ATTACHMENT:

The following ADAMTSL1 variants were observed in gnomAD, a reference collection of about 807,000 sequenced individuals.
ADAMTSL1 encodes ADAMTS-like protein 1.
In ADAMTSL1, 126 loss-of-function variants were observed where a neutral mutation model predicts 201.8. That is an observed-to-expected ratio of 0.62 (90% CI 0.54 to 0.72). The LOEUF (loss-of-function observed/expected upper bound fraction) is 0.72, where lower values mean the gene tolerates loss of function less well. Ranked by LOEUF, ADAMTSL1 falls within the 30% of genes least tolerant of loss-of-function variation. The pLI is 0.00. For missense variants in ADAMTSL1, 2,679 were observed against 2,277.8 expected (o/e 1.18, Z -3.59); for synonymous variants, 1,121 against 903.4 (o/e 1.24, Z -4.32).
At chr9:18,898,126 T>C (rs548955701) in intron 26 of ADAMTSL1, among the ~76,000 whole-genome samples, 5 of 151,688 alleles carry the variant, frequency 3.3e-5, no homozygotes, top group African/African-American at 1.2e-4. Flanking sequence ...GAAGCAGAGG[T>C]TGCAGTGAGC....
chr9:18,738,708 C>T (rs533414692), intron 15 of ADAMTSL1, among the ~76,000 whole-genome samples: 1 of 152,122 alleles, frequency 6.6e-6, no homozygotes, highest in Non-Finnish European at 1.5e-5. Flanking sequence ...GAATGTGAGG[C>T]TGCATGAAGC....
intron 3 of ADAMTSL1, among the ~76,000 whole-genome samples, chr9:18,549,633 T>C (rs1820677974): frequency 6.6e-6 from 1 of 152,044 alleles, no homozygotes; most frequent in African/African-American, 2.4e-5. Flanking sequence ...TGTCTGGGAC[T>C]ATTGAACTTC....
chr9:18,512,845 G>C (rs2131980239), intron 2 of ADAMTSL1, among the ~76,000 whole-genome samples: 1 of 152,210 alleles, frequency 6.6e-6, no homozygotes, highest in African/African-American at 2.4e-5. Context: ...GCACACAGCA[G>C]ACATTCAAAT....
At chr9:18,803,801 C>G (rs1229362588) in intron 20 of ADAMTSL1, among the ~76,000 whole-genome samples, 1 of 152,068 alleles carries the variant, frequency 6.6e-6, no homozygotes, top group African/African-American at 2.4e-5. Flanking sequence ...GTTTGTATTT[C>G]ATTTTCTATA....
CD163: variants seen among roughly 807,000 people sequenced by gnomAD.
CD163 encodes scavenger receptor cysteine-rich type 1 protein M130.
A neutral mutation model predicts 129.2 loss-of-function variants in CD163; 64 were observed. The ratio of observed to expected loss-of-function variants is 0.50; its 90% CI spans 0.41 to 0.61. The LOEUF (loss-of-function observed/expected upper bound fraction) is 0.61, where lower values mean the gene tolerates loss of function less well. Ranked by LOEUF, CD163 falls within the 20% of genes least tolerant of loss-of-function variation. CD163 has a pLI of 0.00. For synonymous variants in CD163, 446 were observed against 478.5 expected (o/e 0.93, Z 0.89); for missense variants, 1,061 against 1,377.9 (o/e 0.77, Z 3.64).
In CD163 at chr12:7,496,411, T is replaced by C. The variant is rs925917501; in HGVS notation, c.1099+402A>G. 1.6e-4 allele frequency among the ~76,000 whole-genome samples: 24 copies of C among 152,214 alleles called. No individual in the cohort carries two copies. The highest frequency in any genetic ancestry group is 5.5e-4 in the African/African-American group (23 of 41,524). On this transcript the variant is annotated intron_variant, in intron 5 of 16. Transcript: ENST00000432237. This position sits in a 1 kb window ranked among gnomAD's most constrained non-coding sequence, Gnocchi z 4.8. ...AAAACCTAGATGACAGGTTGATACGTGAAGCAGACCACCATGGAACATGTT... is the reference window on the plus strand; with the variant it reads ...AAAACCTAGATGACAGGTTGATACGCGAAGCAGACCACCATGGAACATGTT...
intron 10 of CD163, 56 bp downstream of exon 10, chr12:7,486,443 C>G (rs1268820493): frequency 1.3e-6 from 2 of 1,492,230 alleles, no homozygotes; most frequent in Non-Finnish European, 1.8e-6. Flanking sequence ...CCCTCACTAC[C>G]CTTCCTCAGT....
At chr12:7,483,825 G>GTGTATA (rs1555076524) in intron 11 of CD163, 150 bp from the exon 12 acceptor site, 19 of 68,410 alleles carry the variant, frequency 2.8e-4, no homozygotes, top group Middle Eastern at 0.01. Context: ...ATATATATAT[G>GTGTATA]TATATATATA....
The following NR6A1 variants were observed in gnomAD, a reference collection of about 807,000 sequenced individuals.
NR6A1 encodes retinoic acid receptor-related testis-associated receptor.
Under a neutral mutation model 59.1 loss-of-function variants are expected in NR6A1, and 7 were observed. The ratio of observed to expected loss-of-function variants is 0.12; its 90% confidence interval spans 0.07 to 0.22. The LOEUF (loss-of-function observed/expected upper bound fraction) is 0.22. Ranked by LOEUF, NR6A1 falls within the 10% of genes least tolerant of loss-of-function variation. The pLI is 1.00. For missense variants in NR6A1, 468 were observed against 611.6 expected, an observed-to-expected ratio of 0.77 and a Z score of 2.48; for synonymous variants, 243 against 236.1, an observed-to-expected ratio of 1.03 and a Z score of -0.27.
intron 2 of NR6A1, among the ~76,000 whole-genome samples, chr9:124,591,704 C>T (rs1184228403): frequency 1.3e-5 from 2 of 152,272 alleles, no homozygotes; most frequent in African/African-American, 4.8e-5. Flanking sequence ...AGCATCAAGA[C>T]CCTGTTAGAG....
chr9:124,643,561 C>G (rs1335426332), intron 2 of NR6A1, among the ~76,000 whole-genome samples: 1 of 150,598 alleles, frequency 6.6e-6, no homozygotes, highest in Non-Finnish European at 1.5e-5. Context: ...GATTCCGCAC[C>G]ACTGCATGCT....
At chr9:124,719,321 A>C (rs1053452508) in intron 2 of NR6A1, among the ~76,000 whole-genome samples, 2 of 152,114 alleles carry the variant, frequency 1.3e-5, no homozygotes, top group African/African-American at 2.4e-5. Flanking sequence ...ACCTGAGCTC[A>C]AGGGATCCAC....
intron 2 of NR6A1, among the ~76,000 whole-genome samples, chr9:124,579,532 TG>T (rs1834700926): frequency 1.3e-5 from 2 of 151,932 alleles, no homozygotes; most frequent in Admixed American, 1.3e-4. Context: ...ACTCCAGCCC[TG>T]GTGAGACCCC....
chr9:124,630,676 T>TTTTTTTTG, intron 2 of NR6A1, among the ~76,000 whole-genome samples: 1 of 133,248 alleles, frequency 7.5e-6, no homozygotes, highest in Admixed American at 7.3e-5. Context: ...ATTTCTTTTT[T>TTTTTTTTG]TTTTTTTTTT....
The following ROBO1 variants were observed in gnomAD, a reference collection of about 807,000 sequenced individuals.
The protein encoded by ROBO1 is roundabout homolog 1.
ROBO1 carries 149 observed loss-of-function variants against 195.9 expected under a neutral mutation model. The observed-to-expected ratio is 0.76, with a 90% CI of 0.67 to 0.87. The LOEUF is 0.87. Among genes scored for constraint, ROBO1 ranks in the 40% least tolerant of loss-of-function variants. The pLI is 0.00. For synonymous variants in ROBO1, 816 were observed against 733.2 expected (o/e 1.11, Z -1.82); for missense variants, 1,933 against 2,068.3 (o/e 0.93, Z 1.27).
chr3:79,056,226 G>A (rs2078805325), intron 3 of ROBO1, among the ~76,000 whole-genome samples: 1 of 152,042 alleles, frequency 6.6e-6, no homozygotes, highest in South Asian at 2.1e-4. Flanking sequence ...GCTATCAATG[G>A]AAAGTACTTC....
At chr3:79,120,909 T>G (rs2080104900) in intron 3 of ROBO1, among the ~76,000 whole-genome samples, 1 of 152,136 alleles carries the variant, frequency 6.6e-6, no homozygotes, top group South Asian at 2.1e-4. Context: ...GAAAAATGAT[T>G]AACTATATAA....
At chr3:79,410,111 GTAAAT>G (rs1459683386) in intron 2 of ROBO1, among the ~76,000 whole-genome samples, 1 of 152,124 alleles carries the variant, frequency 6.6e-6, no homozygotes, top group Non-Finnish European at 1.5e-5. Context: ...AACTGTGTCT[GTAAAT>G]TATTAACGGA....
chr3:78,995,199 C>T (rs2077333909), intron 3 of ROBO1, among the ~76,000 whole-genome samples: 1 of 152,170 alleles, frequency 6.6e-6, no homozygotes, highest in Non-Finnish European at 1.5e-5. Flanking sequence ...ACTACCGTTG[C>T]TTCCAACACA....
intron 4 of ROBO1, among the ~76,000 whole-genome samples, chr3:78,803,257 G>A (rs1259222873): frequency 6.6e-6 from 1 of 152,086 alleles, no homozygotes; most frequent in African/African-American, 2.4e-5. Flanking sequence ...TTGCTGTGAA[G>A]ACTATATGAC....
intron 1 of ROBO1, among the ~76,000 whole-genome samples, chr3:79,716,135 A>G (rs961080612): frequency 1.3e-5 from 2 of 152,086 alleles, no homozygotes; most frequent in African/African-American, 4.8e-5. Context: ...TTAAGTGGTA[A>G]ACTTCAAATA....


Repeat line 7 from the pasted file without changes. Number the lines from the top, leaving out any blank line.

chr9:18,512,845 G>C (rs2131980239), intron 2 of ADAMTSL1, among the ~76,000 whole-genome samples: 1 of 152,210 alleles, frequency 6.6e-6, no homozygotes, highest in African/African-American at 2.4e-5. Context: ...GCACACAGCA[G>C]ACATTCAAAT....